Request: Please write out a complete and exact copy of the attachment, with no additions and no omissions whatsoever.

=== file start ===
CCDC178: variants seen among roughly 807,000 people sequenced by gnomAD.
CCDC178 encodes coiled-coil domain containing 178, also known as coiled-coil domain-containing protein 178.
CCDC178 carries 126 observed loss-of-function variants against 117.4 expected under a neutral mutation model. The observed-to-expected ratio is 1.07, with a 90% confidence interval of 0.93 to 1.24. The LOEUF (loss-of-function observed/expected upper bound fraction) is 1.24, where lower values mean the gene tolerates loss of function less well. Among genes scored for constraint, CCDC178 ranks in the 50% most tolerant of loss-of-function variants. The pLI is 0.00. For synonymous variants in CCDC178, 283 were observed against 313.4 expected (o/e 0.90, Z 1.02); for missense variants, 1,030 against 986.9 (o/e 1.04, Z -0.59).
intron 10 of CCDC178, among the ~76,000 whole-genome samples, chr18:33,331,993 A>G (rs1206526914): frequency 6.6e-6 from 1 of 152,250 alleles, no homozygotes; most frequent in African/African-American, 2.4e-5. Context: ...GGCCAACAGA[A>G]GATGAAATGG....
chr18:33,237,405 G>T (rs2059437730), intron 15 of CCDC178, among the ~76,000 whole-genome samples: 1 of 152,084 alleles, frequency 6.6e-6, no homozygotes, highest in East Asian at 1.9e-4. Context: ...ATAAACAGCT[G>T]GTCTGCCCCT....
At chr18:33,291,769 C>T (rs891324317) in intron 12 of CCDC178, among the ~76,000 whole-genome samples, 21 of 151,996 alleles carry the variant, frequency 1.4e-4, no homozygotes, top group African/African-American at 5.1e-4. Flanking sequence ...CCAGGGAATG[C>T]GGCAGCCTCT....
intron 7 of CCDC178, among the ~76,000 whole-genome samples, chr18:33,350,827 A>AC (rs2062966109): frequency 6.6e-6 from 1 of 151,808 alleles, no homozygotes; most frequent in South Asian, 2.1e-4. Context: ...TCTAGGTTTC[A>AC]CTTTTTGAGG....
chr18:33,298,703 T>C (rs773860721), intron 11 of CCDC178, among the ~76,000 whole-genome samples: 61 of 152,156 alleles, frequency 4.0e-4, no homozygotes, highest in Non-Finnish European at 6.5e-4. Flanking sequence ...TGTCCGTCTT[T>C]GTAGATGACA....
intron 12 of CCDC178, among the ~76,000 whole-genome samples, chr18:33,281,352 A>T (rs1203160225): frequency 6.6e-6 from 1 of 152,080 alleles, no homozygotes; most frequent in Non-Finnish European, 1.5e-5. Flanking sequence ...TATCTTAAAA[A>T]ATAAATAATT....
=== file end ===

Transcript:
CCDC178: variants seen among roughly 807,000 people sequenced by gnomAD.
CCDC178 encodes coiled-coil domain containing 178, also known as coiled-coil domain-containing protein 178.
CCDC178 carries 126 observed loss-of-function variants against 117.4 expected under a neutral mutation model. The observed-to-expected ratio is 1.07, with a 90% confidence interval of 0.93 to 1.24. The LOEUF (loss-of-function observed/expected upper bound fraction) is 1.24, where lower values mean the gene tolerates loss of function less well. Among genes scored for constraint, CCDC178 ranks in the 50% most tolerant of loss-of-function variants. The pLI is 0.00. For synonymous variants in CCDC178, 283 were observed against 313.4 expected (o/e 0.90, Z 1.02); for missense variants, 1,030 against 986.9 (o/e 1.04, Z -0.59).
intron 10 of CCDC178, among the ~76,000 whole-genome samples, chr18:33,331,993 A>G (rs1206526914): frequency 6.6e-6 from 1 of 152,250 alleles, no homozygotes; most frequent in African/African-American, 2.4e-5. Context: ...GGCCAACAGA[A>G]GATGAAATGG....
chr18:33,237,405 G>T (rs2059437730), intron 15 of CCDC178, among the ~76,000 whole-genome samples: 1 of 152,084 alleles, frequency 6.6e-6, no homozygotes, highest in East Asian at 1.9e-4. Context: ...ATAAACAGCT[G>T]GTCTGCCCCT....
At chr18:33,291,769 C>T (rs891324317) in intron 12 of CCDC178, among the ~76,000 whole-genome samples, 21 of 151,996 alleles carry the variant, frequency 1.4e-4, no homozygotes, top group African/African-American at 5.1e-4. Flanking sequence ...CCAGGGAATG[C>T]GGCAGCCTCT....
intron 7 of CCDC178, among the ~76,000 whole-genome samples, chr18:33,350,827 A>AC (rs2062966109): frequency 6.6e-6 from 1 of 151,808 alleles, no homozygotes; most frequent in South Asian, 2.1e-4. Context: ...TCTAGGTTTC[A>AC]CTTTTTGAGG....
chr18:33,298,703 T>C (rs773860721), intron 11 of CCDC178, among the ~76,000 whole-genome samples: 61 of 152,156 alleles, frequency 4.0e-4, no homozygotes, highest in Non-Finnish European at 6.5e-4. Flanking sequence ...TGTCCGTCTT[T>C]GTAGATGACA....
intron 12 of CCDC178, among the ~76,000 whole-genome samples, chr18:33,281,352 A>T (rs1203160225): frequency 6.6e-6 from 1 of 152,080 alleles, no homozygotes; most frequent in Non-Finnish European, 1.5e-5. Flanking sequence ...TATCTTAAAA[A>T]ATAAATAATT....